Ireland's manufacturing sector grew for the 13th consecutive month in June as new orders rose at its fastest pace in 40 months, according to a survey published on Tuesday.
The purchasing managers' index (PMI), compiled by financial group Investec, stood at 55.3 in June, up slightly from 55.0 in May.
The PMI is designed to provide a single-figure measure of the health of the Irish manufacturing industry, and is based on data compiled from monthly replies to questionnaires sent to purchasing executives in around 285 industrial companies.
The survey said the recovery in the Irish manufacturing sector continued at the end of the second quarter of the year as new business growth accelerated during June.
Firms used inventories to help fulfil new orders and stocks of finished goods fell solidly as a result, it said.
The survey also said the rate of expansion in output eased, but remained marked.
Cost inflationary pressures were muted again in June, while output prices were raised for the first time in six months, it said.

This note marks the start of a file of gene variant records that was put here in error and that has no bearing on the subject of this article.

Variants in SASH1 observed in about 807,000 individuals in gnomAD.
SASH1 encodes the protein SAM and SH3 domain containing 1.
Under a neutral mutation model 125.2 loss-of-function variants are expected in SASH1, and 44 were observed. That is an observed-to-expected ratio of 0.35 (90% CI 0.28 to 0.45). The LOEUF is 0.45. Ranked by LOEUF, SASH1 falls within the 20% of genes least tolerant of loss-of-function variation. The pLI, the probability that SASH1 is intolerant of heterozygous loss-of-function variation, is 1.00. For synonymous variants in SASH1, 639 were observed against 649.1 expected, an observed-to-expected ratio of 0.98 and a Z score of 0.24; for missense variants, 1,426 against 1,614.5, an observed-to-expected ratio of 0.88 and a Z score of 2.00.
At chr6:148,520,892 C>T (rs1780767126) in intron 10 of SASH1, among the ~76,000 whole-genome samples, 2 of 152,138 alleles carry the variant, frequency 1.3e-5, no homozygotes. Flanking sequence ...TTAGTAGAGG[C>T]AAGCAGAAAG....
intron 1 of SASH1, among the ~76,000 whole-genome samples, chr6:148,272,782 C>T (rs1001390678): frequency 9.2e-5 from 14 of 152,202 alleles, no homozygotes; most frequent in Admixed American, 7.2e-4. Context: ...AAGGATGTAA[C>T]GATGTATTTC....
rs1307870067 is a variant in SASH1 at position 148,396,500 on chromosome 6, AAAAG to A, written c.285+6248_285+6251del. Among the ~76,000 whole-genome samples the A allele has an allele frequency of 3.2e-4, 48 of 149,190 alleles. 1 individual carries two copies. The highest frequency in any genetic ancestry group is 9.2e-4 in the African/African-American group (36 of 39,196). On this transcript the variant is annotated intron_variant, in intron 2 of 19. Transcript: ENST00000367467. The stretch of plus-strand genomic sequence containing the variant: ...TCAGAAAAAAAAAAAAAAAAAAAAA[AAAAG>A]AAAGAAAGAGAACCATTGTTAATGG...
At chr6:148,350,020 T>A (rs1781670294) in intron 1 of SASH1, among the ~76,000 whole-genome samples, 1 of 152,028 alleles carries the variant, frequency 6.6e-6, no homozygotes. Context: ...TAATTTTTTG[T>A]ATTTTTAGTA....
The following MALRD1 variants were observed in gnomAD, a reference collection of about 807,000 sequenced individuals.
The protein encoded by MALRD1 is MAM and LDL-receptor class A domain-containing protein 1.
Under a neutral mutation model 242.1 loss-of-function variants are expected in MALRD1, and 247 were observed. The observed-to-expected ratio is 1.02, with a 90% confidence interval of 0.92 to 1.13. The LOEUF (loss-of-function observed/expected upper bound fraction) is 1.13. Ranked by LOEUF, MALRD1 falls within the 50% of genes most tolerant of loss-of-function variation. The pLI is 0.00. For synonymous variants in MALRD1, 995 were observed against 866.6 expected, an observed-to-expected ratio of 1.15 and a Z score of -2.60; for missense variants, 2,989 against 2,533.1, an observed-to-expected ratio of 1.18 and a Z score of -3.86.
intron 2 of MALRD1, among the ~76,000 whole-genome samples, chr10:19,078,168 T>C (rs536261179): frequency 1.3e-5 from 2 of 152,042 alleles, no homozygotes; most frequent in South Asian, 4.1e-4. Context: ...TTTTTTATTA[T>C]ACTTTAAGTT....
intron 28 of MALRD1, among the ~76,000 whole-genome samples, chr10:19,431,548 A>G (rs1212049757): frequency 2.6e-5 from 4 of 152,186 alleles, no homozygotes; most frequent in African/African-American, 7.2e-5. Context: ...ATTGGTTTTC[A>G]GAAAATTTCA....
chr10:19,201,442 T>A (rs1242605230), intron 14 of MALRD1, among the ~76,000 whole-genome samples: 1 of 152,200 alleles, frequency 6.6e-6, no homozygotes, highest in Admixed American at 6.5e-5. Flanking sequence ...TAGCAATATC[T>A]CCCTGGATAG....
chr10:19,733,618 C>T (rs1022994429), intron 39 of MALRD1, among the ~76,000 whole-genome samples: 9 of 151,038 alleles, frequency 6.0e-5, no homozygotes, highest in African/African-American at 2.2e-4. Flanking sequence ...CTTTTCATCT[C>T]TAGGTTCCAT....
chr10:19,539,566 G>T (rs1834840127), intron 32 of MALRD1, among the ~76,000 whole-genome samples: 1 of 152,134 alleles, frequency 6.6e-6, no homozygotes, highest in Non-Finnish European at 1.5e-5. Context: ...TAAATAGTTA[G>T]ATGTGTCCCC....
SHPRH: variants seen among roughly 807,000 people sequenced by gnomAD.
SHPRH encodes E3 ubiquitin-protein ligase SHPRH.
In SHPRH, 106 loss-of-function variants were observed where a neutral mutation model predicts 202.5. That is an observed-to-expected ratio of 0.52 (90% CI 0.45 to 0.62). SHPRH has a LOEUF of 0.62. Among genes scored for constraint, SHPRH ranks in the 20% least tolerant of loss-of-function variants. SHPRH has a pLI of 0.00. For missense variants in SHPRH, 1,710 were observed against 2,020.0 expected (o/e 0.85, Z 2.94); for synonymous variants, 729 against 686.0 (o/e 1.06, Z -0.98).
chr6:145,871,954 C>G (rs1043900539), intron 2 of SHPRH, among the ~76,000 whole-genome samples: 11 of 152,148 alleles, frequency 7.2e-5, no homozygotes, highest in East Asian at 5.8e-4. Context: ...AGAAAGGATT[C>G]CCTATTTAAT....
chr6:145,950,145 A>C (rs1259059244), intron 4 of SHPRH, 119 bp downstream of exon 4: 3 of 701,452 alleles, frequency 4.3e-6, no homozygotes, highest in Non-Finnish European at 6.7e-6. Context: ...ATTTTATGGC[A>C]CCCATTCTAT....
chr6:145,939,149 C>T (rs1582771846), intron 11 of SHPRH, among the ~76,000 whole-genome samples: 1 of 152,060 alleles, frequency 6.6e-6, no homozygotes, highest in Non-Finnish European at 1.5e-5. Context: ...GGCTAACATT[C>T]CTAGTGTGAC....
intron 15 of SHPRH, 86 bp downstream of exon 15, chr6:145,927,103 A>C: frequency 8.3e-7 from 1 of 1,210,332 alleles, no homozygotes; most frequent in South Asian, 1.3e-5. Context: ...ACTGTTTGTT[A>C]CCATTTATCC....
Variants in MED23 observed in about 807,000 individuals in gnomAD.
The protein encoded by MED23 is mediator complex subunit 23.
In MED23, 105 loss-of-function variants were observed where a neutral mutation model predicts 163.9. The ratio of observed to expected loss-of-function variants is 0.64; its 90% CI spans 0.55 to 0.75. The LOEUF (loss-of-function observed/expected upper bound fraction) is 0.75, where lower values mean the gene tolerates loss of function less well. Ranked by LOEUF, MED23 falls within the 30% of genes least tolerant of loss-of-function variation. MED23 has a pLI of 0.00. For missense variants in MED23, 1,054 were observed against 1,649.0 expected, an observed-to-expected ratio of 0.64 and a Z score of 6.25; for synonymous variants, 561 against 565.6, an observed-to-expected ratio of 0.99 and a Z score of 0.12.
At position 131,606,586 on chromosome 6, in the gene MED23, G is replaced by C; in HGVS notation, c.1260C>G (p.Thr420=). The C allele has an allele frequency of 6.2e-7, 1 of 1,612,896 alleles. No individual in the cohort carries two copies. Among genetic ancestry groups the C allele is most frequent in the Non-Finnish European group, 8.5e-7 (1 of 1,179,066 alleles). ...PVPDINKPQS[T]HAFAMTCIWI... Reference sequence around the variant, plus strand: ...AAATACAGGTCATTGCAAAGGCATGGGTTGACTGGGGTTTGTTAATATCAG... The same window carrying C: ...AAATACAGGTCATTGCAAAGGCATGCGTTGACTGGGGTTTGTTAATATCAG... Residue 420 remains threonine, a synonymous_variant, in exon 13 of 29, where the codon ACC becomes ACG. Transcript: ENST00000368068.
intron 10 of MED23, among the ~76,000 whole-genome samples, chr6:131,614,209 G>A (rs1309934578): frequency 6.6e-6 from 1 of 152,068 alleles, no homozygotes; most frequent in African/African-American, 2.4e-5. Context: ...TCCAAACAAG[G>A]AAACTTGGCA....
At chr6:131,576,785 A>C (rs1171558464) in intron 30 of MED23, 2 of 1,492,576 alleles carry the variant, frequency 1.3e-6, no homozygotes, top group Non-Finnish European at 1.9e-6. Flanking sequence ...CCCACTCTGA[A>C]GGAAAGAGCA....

Commenting on the manufacturing PMI survey data, Philip O' Sullivan, chief economist at Investec Ireland, said the solid rate of growth in June was driven by further strength in new orders.
"The sharp increase in new orders was attributed to improving economic conditions and higher demand from abroad, with the rate of growth in new export orders rising to the highest level in over three years," said O' Sullivan.
Britain and Asia were cited as key sources of growth in export business during the month.